The activity-based KIDZ, or Kids in the Dementia Zone, at Littleton’s Highline Place is open to all children with relatives who suffer from dementia. Courtesy of Anthem
BY PETER JONES
Necessity is often the mother of invention—but sometimes it’s the grandmother.
When Jodi Cornman found there was a dearth of resources to help children cope with their family members suffering from dementia, she started one herself.
“All I could find were books on the internet. I came up with this idea to start a support group,” said Cornman, community-relations director at Highline Place, a Littleton memory-care center.
Last month, less than six months later, KIDZ, or Kids in the Dementia Zone, was launched at Highline, a community within the Anthem family of memory-care facilities.
KIDZ is believed to be the first children’s oriented program of its kind—and with a recent spurt in early-onset diagnoses of Alzheimer’s, it may have come along just in time. The immediate impetus for KIDZ was a pair of 9-year-old twins whose 52-year-old father was quickly declining.
“This guy could run five miles last month and now he falls when he starts running,” Cornman said. “We kind of wanted to get out of the box because we’re seeing a younger and younger onset. I’ve had 49-year-olds in my community.”
The free program, currently for children in grades first through fifth, is open to anyone, whether or not they have a family member at Highline.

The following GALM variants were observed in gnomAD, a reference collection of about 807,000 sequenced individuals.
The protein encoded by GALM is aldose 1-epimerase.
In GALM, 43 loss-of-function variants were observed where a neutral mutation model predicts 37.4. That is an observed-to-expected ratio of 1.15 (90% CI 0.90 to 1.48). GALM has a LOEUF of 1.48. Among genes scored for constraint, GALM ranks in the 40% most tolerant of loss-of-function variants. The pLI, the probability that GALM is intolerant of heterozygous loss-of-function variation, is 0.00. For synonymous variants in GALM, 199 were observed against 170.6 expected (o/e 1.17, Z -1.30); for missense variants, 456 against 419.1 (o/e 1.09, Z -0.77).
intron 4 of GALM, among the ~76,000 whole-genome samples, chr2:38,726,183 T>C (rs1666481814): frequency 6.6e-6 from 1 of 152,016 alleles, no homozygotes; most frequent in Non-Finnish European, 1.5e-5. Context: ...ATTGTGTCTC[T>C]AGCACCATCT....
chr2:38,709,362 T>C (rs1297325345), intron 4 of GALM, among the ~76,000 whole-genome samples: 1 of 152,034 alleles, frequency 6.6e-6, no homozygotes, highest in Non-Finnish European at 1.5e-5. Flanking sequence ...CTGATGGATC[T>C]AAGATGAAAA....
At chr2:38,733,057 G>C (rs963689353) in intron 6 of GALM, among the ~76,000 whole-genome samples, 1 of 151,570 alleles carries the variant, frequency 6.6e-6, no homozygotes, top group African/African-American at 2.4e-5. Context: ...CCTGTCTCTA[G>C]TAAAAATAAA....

“They can have a grandparent in Mississippi, so it really doesn’t matter. It’s open to the whole community,” Cornman said, noting that the monthly meetings will soon expand into a second group for older kids, including teenagers up to 12th grade.
The series is being led by Lexanne Leonard, a first-grade teacher for Cherry Creek Schools who created the curriculum, Kathleen Gorman, a hospice pastor, and Jill Rocha, a quality-improvement coach for Denver’s Early Childhood Council.
Cornman says KIDZ takes a mindful approach, mixing meditation-like exercises with tools for the participants to truly appreciate their loved ones in the moments they have with them.
“I call it stepping into their reality,” the organizer said. “If Mom thinks she’s at a hotel having lunch, that’s where you are. When you learn to do that, the stress level comes down so much. You just learn to have fun with them again.”
Cornman, whose own stepmother suffered from Alzheimer’s, says the activity-based program includes kids creating “memory boxes,” “journaling” about their experiences and discussing their often-difficult feelings with the group. Parents are asked to stay outside so the young participants can talk freely about family dynamics. Eventually, Highline residents will also be incorporated into the experience, when appropriate.
Perhaps the most troubling topic of discussion, for family members of all ages, are those moments when the afflicted relative does not remember their child or grandchild.
“A couple of the kids got pretty emotional talking about their situation,” Cornman said. “It gave us all chills that these kids were so involved. They’re little kids, and they’re tired and they’ve been at school all day, and they were so emotionally involved.”
Even those children who did not want to come to KIDZ left with something special.
“I saw them afterwards and they had smiles on their faces,” Cornman said.
KIDZ meets on the third Thursday of each month, 5-6 p.m. Snacks are served. RSVPs are appreciated by calling 303-703-3499. Highline Place is located at 6767 S. Broadway in Littleton. Highline also has similar support groups for adults. Visit anthemmemorycare.com for more information.
2017 All Rights Reserved. Villager Publishing |